Let’s address the elephant in the room: range. The new MINI Electric will cover ‘at least’ 122 miles on a single charge, which, when you consider a Peugeot e-208 do over 200 miles, really isn’t all that impressive.  

If you put that to the man in charge of MINI, Peter Schwarzenbauer, his response is quite a straightforward one. “Nobody needs a big range in an urban car; it’s psychological,” he says. “An average drive for a MINI customer per day is 37km, so in theory, our customers can drive all week on a single charge.”

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There’s also the question of cost and weight; the larger the battery, the more expensive the car and the heavier it will be, which has a detrimental effect on handling and performance. So MINI has opted for a relatively compact 32.5kWh battery, which it says, gives the best trade-off between price, range and handling. 

And it doesn’t appear to have deterred potential buyers; MINI has already received over 40,000 ‘registrations of interest’ ahead of any test drives. Prices start from £24,300, inclusive of the government grant, and rise to just over £30,000. Schwarzenbauer told us:  “I have worked in the automotive industry for 35 years, and I have never seen a reaction like it.”

Our first chance to get behind the wheel of the MINI Electric is a fairly limited one – a handful of laps of the Formula E track in NYC. This is by no means a definitive verdict, but an early opportunity to see if the reaction the car has generated is warranted. 

You can make up your own mind about the way it looks, but to us, it has enough unique touches to mark it out as something different without going overboard. But if you’d rather fly under the radar you can lose the yellow detailing for body colour.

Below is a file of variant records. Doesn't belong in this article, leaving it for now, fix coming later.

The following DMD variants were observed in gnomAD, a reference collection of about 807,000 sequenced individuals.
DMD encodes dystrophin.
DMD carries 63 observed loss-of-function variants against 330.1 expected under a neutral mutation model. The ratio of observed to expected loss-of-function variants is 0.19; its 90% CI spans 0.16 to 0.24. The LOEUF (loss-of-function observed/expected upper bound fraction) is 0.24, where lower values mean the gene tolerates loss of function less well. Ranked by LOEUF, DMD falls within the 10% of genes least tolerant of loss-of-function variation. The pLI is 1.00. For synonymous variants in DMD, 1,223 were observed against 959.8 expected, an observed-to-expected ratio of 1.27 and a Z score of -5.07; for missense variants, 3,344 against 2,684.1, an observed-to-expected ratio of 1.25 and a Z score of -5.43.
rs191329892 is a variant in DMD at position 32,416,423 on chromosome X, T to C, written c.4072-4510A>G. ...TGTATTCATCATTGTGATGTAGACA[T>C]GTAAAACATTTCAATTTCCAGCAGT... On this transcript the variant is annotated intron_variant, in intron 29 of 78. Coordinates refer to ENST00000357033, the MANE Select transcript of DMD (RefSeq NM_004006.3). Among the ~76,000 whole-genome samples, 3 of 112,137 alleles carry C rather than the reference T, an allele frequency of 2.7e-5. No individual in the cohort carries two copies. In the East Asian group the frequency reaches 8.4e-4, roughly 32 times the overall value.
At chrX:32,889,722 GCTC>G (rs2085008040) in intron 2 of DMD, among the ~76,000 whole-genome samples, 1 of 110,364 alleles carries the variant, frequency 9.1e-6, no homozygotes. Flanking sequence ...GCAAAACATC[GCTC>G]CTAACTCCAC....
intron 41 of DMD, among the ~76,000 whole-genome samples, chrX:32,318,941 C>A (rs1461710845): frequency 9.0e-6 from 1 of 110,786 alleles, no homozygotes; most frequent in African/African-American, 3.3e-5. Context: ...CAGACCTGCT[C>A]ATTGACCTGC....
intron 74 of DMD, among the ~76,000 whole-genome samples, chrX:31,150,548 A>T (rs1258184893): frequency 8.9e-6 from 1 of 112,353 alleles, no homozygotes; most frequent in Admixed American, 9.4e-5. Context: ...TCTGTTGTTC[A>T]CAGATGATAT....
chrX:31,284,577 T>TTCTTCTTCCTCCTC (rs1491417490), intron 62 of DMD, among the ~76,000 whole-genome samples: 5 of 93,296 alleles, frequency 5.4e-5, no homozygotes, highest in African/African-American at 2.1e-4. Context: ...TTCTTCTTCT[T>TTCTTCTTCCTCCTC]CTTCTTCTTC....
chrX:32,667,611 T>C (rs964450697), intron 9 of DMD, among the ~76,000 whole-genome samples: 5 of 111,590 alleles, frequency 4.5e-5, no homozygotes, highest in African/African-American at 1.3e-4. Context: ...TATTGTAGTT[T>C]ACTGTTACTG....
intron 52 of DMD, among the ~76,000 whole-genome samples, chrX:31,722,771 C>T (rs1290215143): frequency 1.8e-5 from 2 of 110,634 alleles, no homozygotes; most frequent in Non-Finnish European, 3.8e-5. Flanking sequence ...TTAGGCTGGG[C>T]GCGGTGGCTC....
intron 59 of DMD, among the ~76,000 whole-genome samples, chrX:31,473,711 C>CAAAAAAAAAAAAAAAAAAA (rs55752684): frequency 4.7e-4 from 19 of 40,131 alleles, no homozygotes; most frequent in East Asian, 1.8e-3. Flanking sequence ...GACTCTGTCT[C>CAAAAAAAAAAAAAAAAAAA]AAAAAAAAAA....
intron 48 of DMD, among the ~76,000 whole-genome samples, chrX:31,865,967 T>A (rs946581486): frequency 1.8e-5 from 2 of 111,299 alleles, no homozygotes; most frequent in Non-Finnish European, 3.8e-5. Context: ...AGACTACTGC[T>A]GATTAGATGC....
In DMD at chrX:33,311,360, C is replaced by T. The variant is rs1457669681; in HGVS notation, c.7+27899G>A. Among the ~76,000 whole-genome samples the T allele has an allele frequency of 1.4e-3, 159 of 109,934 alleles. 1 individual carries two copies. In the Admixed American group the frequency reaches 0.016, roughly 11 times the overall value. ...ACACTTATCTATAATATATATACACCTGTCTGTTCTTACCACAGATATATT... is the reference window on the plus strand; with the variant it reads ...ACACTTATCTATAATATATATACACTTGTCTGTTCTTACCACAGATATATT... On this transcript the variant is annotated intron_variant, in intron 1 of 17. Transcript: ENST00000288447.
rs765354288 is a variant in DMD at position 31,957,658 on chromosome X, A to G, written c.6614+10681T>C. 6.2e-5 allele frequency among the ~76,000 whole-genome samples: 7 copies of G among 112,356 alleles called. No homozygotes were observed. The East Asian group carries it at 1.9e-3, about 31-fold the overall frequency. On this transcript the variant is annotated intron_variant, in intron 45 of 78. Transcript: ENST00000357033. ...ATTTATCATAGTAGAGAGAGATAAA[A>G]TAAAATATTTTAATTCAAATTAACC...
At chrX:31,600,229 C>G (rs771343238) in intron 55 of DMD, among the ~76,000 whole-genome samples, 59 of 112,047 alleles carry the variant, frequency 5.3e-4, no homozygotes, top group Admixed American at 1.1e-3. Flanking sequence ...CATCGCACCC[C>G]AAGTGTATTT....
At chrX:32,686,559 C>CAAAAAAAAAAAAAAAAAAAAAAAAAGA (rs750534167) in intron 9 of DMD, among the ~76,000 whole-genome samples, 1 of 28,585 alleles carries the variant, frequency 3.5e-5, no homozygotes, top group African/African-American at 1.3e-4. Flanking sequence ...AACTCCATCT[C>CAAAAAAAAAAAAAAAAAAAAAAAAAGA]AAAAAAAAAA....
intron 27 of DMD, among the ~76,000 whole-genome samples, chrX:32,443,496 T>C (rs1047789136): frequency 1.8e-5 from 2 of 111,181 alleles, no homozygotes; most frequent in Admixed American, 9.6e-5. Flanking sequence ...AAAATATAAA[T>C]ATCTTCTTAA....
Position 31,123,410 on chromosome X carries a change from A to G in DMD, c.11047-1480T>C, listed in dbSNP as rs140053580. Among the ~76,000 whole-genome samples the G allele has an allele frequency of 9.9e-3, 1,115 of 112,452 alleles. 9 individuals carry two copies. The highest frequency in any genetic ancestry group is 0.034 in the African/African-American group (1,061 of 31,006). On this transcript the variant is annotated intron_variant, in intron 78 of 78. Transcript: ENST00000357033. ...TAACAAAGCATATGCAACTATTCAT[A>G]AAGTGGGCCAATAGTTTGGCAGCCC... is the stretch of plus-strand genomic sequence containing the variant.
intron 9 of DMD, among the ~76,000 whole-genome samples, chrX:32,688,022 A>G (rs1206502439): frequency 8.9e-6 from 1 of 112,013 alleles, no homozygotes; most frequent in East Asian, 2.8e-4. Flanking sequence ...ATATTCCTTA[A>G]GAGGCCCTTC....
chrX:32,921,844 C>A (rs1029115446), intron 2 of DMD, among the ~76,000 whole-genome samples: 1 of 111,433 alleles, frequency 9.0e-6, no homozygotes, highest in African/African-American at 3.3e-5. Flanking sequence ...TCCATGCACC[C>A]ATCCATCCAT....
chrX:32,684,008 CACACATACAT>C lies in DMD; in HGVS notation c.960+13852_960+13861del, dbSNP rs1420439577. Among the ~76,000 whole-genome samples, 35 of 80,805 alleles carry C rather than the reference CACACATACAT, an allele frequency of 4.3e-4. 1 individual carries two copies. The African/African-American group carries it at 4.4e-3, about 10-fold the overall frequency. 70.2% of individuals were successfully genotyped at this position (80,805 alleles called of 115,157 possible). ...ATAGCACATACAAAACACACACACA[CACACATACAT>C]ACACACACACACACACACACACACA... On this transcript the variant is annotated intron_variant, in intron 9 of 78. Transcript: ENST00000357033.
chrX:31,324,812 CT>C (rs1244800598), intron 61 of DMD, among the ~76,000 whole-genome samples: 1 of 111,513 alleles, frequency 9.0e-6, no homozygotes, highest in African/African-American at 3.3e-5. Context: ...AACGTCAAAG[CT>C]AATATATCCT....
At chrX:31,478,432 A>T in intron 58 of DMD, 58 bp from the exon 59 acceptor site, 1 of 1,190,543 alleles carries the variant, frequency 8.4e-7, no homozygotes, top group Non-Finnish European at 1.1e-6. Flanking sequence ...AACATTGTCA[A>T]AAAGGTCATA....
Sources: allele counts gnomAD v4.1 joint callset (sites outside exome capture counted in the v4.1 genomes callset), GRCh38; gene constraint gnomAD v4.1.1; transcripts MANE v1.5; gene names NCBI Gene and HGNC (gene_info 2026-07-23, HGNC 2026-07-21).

The Electric’s architecture is a lightly modified version of what underpins every other version of the MINI. The batteries sit down the spine of the car in the housing for the transmission tunnel, as well as behind the seats; helpfully there no intrusion on boot capacity, which remains a modest 211 litres.

Climb in and the cabin will be immediately familiar to anyone who’s ever driven a modern MINI. The only real change is the analogue rev counter making way for elliptical display behind the steering wheel, relaying info on speed and remaining charge to the driver. 

It sits 15mm higher than a regular three-door hatch but from behind the wheel, it still feels compact and low. Crucially, there’s also plenty of adjustment in the steering wheel and seat to get comfortable. 

The start/stop toggle switch remains on the lower section of the dash and brings the MINI Electric to life. Sport, Normal and Green are the driving modes, but given our surroundings and limited time, we go straight to the Sport. The first thing you notice, as with most electric cars, is the slingshot-like acceleration; MINI says the 181bhp motor will take it from 0-62mph in 7.3 seconds, but in truth it feels faster. Once beyond that there’s a noticeable tail off in acceleration but up to that point, it’s certainly brisk enough. 

Another thing the MINI Electric has going for it is it’s relatively lightweight. The 32.5kWh battery has added around 130kg, taking the total figure up to around 1,350kg – making it one of the lightest EVs on sale. That means it feels just as nimble and eager to change direction than a regular three-door, but perhaps even more entertaining to drive, thanks to the punchy, on-demand acceleration. 

There’s a hint of body roll through faster corners but not too much – enough to let you know the level of grip remaining at each corner. The steering is weighty and reacts immediately to inputs, giving the Electric a real sense of athleticism; it feels every bit like an electric hot hatch and by some margin the most entertaining, ‘affordable’ EV to drive.

We’ll have to reserve judgement on the ride until we get onto the public road, but there is slight firmness to it over rougher sections of the circuit. How that will affect the overall package we will find out in January, outside the confines of a track. 

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